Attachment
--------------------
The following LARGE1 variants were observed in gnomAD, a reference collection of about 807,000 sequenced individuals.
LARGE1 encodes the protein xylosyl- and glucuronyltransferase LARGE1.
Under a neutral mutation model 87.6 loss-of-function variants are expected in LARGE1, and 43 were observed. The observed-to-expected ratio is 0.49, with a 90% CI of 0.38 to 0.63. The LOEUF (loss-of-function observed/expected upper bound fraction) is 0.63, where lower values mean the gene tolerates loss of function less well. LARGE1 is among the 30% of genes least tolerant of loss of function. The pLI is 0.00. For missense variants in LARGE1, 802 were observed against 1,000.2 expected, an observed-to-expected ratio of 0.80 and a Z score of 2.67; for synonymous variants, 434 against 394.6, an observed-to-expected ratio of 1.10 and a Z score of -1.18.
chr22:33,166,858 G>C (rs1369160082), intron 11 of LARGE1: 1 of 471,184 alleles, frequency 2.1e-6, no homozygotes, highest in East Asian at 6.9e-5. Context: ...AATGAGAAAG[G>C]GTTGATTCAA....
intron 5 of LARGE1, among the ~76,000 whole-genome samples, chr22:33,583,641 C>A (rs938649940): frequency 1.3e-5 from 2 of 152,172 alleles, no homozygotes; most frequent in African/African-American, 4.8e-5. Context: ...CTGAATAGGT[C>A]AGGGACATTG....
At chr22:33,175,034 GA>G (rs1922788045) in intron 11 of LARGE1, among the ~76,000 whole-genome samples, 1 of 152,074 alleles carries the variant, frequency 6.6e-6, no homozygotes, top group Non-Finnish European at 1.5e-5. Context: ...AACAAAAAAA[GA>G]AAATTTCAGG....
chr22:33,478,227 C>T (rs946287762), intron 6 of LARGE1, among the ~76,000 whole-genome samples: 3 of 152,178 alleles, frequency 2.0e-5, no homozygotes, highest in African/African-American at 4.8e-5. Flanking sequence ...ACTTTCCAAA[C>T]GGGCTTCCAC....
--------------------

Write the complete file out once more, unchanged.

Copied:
The following LARGE1 variants were observed in gnomAD, a reference collection of about 807,000 sequenced individuals.
LARGE1 encodes the protein xylosyl- and glucuronyltransferase LARGE1.
Under a neutral mutation model 87.6 loss-of-function variants are expected in LARGE1, and 43 were observed. The observed-to-expected ratio is 0.49, with a 90% CI of 0.38 to 0.63. The LOEUF (loss-of-function observed/expected upper bound fraction) is 0.63, where lower values mean the gene tolerates loss of function less well. LARGE1 is among the 30% of genes least tolerant of loss of function. The pLI is 0.00. For missense variants in LARGE1, 802 were observed against 1,000.2 expected, an observed-to-expected ratio of 0.80 and a Z score of 2.67; for synonymous variants, 434 against 394.6, an observed-to-expected ratio of 1.10 and a Z score of -1.18.
chr22:33,166,858 G>C (rs1369160082), intron 11 of LARGE1: 1 of 471,184 alleles, frequency 2.1e-6, no homozygotes, highest in East Asian at 6.9e-5. Context: ...AATGAGAAAG[G>C]GTTGATTCAA....
intron 5 of LARGE1, among the ~76,000 whole-genome samples, chr22:33,583,641 C>A (rs938649940): frequency 1.3e-5 from 2 of 152,172 alleles, no homozygotes; most frequent in African/African-American, 4.8e-5. Context: ...CTGAATAGGT[C>A]AGGGACATTG....
At chr22:33,175,034 GA>G (rs1922788045) in intron 11 of LARGE1, among the ~76,000 whole-genome samples, 1 of 152,074 alleles carries the variant, frequency 6.6e-6, no homozygotes, top group Non-Finnish European at 1.5e-5. Context: ...AACAAAAAAA[GA>G]AAATTTCAGG....
chr22:33,478,227 C>T (rs946287762), intron 6 of LARGE1, among the ~76,000 whole-genome samples: 3 of 152,178 alleles, frequency 2.0e-5, no homozygotes, highest in African/African-American at 4.8e-5. Flanking sequence ...ACTTTCCAAA[C>T]GGGCTTCCAC....